HOMEBREW Digest #1428 Fri 20 May 1994

Digest #1427 Digest #1429

		Rob Gardner, Digest Janitor

  Beer as Food (Don Rudolph)
  Wyeast 1338 and Miller/Shipping beer from Europe (Algis R Korzonas +1 708 979 8583)
  Malt aroma (Richard Nantel)
  Yeast stuff--COMMON and a new faq (Patrick Weix)
  Staplebrau/Low-T_Ale_ferments (David Draper)
  Mead article - help (STROUD)
  Different Fermentation Methods (Chris Strickland)
  Thin Mash, was Heated Mash Tuns (David Hyde)
  Re: Siphon hose (Jim Busch)
  Re: AHA Conference in Denver (Jason Goldman)
  Head on lighter beers & Re: Charlie Bashing (Mike Zentner)
  Fermentation Temps ("Rich Scotty")
  Glatt mills? (Jack Schmidling)
  Fridge thermostats (BFRALEY)
  Spaten Optimator ("Steven W. Smith")
  Wormwood and Malta Goya ("CPT Goeres, Ross")
  my 2 cents on advertising (Theriault Kenneth M.)
  Bottling from a Keg (Haber Justin )
  Wormwood Beer (Mark Worwetz)
  Dispensing cask ales (Bob Jones)
  Charlie's trip to NZ's Havill Meadery (Nancy.Renner)
  Source of Root Beer Ingredients (Mike Dix)
  Misc. (Jason Pastorius)

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---------------------------------------------------------------------- Date: 18 May 94 18:51:36 EDT From: Don Rudolph <76076.612 at CompuServe.COM> Subject: Beer as Food Does anyone out there have an analysis of a "typical" beer that includes calories, carbohydrates, proteins, minerals, vitamins, and fat? I would like some ammo to debate those who claim beer has no nutritional value. (Actually I would like to make a case to my wife to allow me to drink beer on my new Eating Lifestyle Plan, aka diet!*) Thanks Don Rudolph 76076.612 at CompuServe.COM Seattle, WA *Should I have put an ASCII smiley face here? Return to table of contents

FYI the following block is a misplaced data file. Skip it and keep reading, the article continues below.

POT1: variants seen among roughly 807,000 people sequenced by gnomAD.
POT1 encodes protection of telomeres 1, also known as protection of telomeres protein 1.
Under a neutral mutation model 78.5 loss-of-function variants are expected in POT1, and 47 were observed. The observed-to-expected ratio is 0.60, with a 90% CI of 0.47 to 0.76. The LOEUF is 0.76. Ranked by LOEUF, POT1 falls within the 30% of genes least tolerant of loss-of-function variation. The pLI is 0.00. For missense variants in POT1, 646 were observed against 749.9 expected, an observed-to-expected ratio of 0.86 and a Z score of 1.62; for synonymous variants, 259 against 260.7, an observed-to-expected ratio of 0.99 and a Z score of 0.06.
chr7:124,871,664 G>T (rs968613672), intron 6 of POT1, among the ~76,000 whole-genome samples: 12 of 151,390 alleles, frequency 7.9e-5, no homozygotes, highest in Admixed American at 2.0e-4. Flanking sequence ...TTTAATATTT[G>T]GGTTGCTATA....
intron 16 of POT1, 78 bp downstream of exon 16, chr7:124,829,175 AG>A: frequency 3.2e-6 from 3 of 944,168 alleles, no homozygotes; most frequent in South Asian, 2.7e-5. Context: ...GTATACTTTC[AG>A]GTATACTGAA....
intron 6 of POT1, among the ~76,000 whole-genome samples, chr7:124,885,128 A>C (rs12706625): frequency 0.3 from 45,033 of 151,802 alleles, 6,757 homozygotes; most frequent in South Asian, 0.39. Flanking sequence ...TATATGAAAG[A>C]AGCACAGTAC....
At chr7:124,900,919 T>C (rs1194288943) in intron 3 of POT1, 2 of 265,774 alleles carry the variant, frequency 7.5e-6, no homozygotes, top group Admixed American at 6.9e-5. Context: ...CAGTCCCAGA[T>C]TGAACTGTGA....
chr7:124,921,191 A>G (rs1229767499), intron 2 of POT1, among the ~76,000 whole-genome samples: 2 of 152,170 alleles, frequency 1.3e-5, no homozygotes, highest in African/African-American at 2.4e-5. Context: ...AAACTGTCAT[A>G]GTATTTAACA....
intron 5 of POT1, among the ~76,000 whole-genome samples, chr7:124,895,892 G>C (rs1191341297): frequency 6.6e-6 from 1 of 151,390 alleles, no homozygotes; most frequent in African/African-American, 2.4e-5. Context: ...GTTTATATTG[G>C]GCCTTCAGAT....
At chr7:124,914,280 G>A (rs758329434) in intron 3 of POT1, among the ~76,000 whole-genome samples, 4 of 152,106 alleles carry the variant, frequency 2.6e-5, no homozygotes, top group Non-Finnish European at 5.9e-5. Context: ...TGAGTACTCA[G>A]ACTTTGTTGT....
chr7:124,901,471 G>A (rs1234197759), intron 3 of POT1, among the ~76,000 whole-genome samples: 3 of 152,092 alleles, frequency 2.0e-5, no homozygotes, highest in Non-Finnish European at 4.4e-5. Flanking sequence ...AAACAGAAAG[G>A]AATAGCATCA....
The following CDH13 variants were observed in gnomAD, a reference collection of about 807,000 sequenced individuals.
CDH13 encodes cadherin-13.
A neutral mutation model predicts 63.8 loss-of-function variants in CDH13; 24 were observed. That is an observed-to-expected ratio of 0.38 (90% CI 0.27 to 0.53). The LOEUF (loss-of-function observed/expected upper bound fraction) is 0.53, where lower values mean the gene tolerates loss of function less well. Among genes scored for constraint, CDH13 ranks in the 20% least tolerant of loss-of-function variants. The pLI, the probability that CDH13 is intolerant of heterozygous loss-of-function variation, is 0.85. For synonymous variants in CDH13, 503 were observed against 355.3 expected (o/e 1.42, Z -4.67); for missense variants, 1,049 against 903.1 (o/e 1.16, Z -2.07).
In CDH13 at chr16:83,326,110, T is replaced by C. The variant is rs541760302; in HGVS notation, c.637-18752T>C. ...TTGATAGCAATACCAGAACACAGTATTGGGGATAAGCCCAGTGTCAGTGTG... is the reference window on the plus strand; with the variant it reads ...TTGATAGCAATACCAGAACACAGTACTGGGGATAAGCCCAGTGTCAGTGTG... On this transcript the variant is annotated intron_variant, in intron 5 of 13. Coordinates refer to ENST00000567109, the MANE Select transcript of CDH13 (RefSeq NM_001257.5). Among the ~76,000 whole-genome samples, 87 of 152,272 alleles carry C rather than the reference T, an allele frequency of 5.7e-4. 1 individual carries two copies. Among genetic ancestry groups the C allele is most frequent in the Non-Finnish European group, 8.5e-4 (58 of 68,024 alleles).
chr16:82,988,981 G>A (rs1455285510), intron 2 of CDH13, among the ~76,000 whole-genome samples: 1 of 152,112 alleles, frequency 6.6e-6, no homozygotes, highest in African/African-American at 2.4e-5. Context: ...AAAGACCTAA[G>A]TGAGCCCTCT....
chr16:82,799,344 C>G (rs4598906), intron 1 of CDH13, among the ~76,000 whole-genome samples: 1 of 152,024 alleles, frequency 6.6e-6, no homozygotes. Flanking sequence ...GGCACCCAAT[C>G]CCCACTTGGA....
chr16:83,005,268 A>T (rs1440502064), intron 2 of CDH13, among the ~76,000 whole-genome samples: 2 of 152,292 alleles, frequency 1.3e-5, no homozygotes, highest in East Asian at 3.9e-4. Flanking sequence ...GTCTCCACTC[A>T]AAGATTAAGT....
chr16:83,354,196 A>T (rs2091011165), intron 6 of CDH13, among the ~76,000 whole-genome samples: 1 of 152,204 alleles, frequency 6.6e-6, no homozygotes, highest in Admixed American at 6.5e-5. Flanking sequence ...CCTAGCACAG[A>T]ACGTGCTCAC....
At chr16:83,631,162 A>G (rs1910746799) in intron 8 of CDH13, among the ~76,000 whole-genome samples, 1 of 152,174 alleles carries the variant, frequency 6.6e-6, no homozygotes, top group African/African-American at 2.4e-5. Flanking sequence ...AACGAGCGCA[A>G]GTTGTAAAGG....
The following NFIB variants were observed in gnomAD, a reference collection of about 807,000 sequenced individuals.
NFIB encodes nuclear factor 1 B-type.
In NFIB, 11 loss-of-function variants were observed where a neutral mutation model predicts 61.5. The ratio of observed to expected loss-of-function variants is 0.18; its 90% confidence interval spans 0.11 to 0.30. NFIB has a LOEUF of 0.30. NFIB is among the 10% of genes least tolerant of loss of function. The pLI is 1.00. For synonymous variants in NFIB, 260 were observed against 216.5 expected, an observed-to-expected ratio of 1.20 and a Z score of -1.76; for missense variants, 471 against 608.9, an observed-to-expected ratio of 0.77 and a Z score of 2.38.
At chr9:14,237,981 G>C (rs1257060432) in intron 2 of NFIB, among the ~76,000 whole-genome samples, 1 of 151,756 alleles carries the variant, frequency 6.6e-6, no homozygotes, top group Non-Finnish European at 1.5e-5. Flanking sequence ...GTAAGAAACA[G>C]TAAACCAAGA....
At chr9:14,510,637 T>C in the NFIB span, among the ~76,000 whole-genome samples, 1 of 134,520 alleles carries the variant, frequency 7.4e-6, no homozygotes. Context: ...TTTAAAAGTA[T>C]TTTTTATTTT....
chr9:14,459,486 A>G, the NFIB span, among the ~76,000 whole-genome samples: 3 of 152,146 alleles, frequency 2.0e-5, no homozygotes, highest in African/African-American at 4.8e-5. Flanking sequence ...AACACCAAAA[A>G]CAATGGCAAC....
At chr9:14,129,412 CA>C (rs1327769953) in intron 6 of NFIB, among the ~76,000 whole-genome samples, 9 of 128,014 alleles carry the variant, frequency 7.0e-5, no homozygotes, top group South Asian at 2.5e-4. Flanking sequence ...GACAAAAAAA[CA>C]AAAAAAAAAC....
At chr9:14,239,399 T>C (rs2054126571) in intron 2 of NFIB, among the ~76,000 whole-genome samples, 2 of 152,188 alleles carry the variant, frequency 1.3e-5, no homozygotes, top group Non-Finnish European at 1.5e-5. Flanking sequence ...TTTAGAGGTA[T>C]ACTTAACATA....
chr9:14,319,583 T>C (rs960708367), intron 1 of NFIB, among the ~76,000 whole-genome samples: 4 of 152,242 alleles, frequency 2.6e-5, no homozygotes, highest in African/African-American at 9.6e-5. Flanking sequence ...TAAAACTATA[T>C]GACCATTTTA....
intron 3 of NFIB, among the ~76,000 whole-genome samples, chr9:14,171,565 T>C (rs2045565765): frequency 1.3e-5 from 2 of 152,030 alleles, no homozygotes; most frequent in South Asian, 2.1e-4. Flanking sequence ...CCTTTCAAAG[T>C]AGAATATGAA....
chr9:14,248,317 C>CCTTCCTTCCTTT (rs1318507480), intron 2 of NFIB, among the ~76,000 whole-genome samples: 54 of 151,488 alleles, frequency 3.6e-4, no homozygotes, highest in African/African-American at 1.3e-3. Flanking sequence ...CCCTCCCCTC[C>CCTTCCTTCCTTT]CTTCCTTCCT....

Date: 18 May 94 22:55:00 GMT From: korz at iepubj.att.com (Algis R Korzonas +1 708 979 8583) Subject: Wyeast 1338 and Miller/Shipping beer from Europe Ulick writes: >Someone called pubtools at ihpubj.att.com >made a very sweeping and totally unsubstantiated statement about giving >a wort a wild yeast, specifically lactobaccillus, by starting a siphon >with the mouth. Good for a laugh, but the worst example of bad unsubstantiaed >claims that appear in this medium. That someone did sign the post "Al." Neither I nor anyone else here is going to to validate everthing they post with a reference. Do you? Read again... what I said was: >have. Now, don't say, "Miller? A wild yeast infection?" Recall that in >the same book, he suggests starting a siphon by sucking on it with your >mouth. Although this is more an invitation for a lactobacillus infection, ^^^^ >it indicates that there was at least one weak link even in Dave Miller's >process at the time. I'm quite sure that he uses pumps at the brewery now. I still contend that the human mouth is a darn good source for hundreds of bacteria, including lactobacillus. Perhaps you would like to provide a reference to the contrary? >Now this 'expert' who seems to work for that great biotechnology company, >AT&T, is surely aware that lactobaccilus is a BACTERIUM, not a yeast. >Assuming yeast, baterium, virus, paramecium, it's all the same (AT&T, Sprint, >MCI), the claim of infection is quite serious, and as a decicated siphon >sucker, one that I have never experienced. Therefore, I am quite >intested in proper authoritive sources for this information. Are any >forthcoming? When did I say that lactobacillus is a yeast? I suggest if you are going to criticize something in the HBD, you might do everyone a favor and quote the post which you are flaming. That way, everyone can read for themselves that you missed the point. Secondly, if you are a dedicated siphon sucker, then I suggest that odds are that your beers are indeed infected. Perhaps you drink them quickly and they don't have the opportunity for the infections to become apparent or maybe you are not sensitive to sourness and the smell of a lactobacillus infection... everyone's senses are different. ******** Jim asks about shipping beer from Europe. I spoke to someone from the Duty section of US Customs in Washington DC yesterday about limits regarding beer into the US. He said that exceeding limits on other items (not alcohol... and perhaps tobacco, I would imagine) is subject to duty. Alcholic beverages, on the other hand are different. Unless you purchased the beverages in a US territory, you are limited to 1 liter of alcoholic beverages per adult. Period. Yes, he said that US Customs people usually allow reasonable amounts of beer through, but by law, anything over 1 liter was subject to seizure. I asked about shipping it in and said that I heard of a guy who shipped six or seven cases of beer as unaccompanied luggage on KLM. He said that the guy was very lucky because it was certainly not legal. Since I had planned to bring a lot of beer back from an upcoming trip, I will be much more conservative on how much I will bank on the good will of the US Customs officers. Al. Return to table of contents